Consumers Name Cost as Major High-Speed Data Hurdle

Cost is the major barrier that is keeping people who haven’t already taken up high-speed data services from doing so, according to recent data from the FCC (www.fcc.gov). The Commission just released the results of a national random survey it conducted of adults...

Feb 24th, 2010
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Cost is the major barrier that is keeping people who haven’t already taken up high-speed data services from doing so, according to recent data from the FCC (www.fcc.gov). The Commission just released the results of a national random survey it conducted of adults in October and November 2009 to assess attitudes toward broadband. The survey found that 35% of adult Americans do not have high-speed Internet connections at home -- or approximately 80 million adults and 13 million children over the age of five.



More than a third -- 36 percent of non-adopters, or 28 million adults -- said they do not have home broadband because they feel the monthly fee is too expensive (15%), they cannot afford a computer, the installation fee is too high (10%), or they do not want to enter into a long-term service contract (9%).

The FCC survey also indicated that digital literacy problems as well as some people’s belief that high-speed data services lacked relevance to their lives were major stumbling blocks to high-speed data adoption.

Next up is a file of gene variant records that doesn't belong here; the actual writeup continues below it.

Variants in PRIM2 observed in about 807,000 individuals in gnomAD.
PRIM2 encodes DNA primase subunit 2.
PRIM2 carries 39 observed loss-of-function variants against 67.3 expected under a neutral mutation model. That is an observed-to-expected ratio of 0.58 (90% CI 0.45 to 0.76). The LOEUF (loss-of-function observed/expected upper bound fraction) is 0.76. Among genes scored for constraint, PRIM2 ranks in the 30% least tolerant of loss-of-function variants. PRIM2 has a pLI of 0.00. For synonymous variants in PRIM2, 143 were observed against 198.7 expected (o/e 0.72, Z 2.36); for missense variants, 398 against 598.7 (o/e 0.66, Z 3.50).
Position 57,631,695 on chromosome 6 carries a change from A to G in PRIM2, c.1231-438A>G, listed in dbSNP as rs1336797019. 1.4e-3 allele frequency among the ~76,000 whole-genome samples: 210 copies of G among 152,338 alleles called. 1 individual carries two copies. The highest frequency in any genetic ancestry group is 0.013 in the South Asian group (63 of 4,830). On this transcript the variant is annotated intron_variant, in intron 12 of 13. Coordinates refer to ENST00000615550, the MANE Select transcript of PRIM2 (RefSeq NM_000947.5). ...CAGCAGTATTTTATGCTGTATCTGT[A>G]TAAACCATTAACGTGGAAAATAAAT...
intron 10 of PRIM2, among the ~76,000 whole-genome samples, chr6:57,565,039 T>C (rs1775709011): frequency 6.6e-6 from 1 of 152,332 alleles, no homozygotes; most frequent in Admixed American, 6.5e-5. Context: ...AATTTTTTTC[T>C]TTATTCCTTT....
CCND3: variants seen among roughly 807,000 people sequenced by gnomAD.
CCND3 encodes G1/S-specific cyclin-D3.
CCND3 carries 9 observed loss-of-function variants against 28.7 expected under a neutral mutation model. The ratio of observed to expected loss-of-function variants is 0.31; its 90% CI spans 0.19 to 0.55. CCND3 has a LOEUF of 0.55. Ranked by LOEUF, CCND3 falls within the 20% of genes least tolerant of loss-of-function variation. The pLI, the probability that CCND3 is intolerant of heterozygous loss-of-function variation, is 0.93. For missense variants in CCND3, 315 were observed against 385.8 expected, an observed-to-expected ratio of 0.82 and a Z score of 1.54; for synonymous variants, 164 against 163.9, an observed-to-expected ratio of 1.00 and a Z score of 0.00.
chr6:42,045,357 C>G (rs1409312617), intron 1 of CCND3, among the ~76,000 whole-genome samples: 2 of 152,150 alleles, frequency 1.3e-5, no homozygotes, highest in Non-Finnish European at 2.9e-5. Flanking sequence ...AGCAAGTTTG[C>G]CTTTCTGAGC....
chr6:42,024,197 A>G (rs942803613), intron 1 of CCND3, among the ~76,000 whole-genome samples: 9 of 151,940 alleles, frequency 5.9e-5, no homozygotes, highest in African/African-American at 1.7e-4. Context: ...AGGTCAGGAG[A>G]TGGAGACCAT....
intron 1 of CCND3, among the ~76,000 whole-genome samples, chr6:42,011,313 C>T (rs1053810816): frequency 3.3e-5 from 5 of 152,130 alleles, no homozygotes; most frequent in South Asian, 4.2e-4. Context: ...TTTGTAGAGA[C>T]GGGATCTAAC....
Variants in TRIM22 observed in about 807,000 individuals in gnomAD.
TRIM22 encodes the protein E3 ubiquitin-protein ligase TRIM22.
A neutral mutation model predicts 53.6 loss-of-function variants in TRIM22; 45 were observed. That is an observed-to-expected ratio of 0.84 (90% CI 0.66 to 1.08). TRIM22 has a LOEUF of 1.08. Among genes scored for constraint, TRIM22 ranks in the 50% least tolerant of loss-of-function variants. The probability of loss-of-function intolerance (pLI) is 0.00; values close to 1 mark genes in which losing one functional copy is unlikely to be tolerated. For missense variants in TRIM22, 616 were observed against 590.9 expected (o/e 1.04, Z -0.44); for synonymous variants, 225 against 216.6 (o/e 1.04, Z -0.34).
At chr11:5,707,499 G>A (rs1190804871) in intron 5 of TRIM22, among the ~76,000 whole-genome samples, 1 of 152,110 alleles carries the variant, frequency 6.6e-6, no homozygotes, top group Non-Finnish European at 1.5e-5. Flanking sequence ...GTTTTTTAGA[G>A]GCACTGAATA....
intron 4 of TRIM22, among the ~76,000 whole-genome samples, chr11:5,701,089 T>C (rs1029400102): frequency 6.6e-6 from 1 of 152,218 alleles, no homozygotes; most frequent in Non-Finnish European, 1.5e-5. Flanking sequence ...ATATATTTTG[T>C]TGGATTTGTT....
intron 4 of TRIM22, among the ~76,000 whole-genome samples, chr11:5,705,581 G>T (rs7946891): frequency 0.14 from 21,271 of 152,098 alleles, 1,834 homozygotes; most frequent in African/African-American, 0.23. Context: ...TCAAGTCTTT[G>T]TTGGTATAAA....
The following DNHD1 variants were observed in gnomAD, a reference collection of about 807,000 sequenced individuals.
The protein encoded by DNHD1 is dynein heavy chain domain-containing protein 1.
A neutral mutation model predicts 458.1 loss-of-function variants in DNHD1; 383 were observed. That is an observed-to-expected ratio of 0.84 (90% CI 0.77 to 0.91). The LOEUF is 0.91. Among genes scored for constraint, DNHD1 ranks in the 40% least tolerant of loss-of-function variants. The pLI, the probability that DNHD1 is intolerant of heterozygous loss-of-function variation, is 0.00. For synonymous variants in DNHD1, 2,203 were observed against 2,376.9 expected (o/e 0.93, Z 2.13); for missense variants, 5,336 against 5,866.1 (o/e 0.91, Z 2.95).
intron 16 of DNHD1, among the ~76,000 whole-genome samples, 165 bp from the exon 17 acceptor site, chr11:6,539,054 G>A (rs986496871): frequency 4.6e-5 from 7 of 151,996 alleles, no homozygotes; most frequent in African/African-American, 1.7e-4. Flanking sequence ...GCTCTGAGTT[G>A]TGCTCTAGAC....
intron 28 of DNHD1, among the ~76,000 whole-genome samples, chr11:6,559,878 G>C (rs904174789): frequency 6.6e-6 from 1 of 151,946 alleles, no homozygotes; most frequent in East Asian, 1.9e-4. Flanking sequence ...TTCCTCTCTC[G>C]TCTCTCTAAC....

NCTA (www.ncta.com) President and CEO Kyle McSlarrow responded to the FCC’s “Broadband Adoption and Use in America” survey results by pointing out that major cable operators recently proposed an “Adoption Plus” broadband program targeted at millions of middle-school students from low-income families that would combine discounted service and equipment with digital literacy training. "We are committed to working with the FCC and other stakeholders on ‘A+’ or other similar programs that attack the key barriers to broadband adoption, and support efforts in Congress by Sen. Rockefeller and Reps. Markey and Matsui to increase broadband adoption among low-income families,” McSlarrow said in a statement.

The FCC released the survey results as a lead-up to its planned delivery of a National Broadband Plan to Congress on March 17.
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